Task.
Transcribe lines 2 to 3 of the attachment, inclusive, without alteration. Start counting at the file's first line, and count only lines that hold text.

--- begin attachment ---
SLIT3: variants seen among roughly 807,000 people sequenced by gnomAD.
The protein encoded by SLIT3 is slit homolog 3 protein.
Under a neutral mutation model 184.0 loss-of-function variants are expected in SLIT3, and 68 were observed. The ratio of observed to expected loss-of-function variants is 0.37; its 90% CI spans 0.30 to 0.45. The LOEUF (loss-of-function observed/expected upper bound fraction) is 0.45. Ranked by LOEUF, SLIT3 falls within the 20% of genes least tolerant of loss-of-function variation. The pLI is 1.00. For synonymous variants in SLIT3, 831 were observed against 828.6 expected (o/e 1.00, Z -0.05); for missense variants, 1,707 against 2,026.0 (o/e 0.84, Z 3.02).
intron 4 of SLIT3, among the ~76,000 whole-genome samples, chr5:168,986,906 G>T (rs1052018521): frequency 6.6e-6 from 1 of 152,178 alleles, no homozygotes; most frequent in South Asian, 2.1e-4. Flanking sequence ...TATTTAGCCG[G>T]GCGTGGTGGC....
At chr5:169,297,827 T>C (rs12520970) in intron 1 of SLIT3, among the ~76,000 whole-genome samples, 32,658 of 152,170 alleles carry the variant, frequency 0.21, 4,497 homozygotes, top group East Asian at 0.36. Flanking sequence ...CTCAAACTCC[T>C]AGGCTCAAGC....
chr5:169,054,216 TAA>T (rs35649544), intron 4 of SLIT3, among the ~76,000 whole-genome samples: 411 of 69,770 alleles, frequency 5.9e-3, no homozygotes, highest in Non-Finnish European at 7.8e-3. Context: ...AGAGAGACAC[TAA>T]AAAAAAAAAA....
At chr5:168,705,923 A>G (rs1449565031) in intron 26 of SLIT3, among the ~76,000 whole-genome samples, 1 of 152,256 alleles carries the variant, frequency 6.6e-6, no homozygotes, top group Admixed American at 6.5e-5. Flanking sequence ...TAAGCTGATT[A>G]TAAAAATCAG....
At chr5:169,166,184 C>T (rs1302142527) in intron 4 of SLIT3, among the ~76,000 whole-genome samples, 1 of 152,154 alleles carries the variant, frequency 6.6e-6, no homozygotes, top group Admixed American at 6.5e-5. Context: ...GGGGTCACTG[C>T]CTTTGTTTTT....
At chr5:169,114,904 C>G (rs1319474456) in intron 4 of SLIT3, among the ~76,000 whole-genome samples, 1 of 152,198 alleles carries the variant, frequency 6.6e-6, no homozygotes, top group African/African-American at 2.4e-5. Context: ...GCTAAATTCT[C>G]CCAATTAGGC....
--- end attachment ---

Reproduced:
The protein encoded by SLIT3 is slit homolog 3 protein.
Under a neutral mutation model 184.0 loss-of-function variants are expected in SLIT3, and 68 were observed. The ratio of observed to expected loss-of-function variants is 0.37; its 90% CI spans 0.30 to 0.45. The LOEUF (loss-of-function observed/expected upper bound fraction) is 0.45. Ranked by LOEUF, SLIT3 falls within the 20% of genes least tolerant of loss-of-function variation. The pLI is 1.00. For synonymous variants in SLIT3, 831 were observed against 828.6 expected (o/e 1.00, Z -0.05); for missense variants, 1,707 against 2,026.0 (o/e 0.84, Z 3.02).